From an Indian VC investor perspective, exiting by selling to a larger player (e.g. Walmart-Flipkart) is more likely. The value perceived by the acquirer is clearly there, and the VC has completed their goal of making the company more valuable while selling their equity to the acquirer.
But why do VCs have these goals, and where does the money of a VC come from?
VCs raise the money to invest from high net-worth individuals (HNIs) or institutions looking to invest in an “alternative” asset class i.e. not bonds or public equities.
These folks are called Limited Partners (LPs), that I had alluded to earlier. This capital is raised by General Partners (GPs), i.e. partners at VC firms who make day-to-day decisions and decide which startups to fund. VCs are successful if they return more money than they raised from their LPs.
Let’s say a VC raises $100M (fund size) to invest over 5 years (fund life) with a target annualized return of 10% (fund hurdle). The fund should, therefore, at least grow to 100*(1.1^5) = $160MM of liquid cash before it makes any profit.
Funds usually charge a 2% management fee (on the fund size) and 20% carried interest (on the fund profit). Therefore if a fund grows to more than $160MM, 20% of any additional profit goes to the VC firm.
Due to this structure, VC firms like getting exits (converting equity to cash) and like getting big ones. Sequoia’s $68MM investment in Whatsapp resulted in a $3Bn return, that one deal itself returned the whole $1.3Bn fund twiceover.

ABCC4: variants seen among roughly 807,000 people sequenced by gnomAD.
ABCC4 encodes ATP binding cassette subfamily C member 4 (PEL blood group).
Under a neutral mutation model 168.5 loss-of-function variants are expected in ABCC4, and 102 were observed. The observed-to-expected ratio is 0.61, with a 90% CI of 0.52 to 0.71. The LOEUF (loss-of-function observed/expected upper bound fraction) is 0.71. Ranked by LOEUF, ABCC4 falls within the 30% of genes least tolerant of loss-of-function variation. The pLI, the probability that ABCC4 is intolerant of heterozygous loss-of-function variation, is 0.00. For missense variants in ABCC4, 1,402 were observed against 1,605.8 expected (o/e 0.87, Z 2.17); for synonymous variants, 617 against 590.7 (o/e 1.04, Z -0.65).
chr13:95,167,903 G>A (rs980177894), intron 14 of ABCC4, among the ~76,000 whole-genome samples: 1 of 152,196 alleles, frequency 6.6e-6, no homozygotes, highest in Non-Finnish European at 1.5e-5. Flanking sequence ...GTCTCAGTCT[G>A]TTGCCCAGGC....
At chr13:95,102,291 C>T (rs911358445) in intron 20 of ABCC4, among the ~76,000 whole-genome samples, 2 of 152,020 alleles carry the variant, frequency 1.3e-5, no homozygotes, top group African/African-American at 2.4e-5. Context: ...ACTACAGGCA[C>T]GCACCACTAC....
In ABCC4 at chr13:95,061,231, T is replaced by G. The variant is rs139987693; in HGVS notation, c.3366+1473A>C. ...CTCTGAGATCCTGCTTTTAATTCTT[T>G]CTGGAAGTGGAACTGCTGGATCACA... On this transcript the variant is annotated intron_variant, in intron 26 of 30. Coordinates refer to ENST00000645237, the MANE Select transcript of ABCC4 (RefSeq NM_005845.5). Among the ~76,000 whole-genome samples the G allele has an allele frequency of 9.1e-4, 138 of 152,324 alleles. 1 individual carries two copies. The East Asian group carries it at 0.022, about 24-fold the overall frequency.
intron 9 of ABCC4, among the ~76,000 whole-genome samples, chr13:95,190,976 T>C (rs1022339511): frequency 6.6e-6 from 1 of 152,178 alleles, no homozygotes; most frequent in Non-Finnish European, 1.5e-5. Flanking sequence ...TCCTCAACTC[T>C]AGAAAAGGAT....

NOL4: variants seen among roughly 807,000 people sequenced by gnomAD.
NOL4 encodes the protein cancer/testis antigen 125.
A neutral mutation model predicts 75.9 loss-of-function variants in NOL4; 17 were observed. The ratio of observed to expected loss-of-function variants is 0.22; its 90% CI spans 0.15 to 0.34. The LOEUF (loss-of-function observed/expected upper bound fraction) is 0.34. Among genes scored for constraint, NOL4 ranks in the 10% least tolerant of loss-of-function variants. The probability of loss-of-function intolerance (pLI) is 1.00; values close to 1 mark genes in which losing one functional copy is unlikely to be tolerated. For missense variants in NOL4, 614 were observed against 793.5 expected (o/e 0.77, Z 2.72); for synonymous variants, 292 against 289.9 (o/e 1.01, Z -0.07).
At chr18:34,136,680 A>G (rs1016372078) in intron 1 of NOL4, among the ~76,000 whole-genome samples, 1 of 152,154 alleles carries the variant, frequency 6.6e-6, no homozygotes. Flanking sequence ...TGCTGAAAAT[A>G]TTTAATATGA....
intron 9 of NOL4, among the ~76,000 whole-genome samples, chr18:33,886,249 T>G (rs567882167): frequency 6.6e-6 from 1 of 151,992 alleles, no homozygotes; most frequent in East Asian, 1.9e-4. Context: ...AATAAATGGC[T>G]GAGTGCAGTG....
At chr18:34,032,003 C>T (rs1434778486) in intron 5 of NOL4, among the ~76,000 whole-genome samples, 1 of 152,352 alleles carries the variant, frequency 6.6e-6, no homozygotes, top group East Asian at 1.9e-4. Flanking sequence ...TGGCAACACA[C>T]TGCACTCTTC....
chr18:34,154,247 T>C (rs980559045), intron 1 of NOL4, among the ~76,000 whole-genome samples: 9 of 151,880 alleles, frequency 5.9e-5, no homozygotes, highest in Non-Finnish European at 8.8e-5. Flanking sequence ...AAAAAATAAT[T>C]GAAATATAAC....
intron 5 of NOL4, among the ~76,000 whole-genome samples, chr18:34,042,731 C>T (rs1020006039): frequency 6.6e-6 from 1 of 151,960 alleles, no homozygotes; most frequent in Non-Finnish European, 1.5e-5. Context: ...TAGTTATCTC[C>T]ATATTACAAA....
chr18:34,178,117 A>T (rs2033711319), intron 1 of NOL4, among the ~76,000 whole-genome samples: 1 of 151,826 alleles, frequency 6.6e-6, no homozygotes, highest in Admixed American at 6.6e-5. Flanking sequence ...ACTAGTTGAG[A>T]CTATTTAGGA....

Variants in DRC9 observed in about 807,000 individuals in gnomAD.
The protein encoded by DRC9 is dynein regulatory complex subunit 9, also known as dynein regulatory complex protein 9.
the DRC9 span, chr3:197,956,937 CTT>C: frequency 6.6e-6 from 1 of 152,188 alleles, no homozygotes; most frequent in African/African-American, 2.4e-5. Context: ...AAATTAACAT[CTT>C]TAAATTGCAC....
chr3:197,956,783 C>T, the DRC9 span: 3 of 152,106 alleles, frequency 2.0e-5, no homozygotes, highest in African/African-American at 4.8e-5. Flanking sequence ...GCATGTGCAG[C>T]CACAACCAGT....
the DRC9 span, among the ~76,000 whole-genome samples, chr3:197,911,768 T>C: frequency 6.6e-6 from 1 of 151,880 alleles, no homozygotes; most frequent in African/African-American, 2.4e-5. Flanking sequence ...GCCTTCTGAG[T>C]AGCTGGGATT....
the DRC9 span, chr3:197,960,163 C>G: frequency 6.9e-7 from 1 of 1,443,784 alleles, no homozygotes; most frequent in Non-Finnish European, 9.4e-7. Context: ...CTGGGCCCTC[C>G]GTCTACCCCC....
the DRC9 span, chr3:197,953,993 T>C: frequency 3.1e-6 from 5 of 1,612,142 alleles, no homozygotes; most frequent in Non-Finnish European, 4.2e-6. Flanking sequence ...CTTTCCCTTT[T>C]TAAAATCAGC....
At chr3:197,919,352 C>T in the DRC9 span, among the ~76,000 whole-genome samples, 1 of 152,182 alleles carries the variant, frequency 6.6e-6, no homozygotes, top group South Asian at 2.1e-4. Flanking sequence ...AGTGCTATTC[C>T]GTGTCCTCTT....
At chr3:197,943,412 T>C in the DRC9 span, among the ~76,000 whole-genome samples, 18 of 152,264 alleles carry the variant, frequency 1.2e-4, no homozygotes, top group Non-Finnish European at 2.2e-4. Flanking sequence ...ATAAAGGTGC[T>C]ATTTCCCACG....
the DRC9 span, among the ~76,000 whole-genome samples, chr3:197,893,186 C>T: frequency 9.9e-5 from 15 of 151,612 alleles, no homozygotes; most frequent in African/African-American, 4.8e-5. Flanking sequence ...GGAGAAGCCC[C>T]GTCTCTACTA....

These exits, though, are outliers and most funds don’t even see the light of their second fundraise.
VC investing is therefore pretty hard, and the question for Mr. Bansal is – do great operators always make great investors?
There is an interesting similarity between running a company and running a VC fund. Running a company involves deciding where to put capital to use so that you get the best return on investment (i.e. profit), and VC is also similarly a capital allocation problem.
Where they diverge, though, is that an operator requires a lot of day to day decision making and is driven by a sort of impatience. Being a VC investor requires much less frequent decision making and an enormous amount of patience.
As an operator, you only know about your own company really well, but as a VC you need to know many more.
From a performance perspective, let’s circle back to the $160MM target.
Say you invest $10MM in 10 companies and 5 go bust. Your remaining 5 companies should be $32MM each. The usual structure is 5 bust, 4 average ($20MM) and one rockstar ($100MM+ i.e. larger than fund).
For a $1Bn fund that Mr. Bansal plans to raise, he needs to definitely, therefore, generate one unicorn.
Given the size of the fund, and a likelihood of 20 investments a year over 5 years, the fund will also have to cut decently large check sizes (~$10MM). Therefore, the larger the fund, the harder it is going to be, and this is assuming Mr. Bansal finds LPs to back the rest of $600MM (you realize it’s not that easy anymore).
Will Mr. Bansal succeed or will Flipkart be his last hurrah?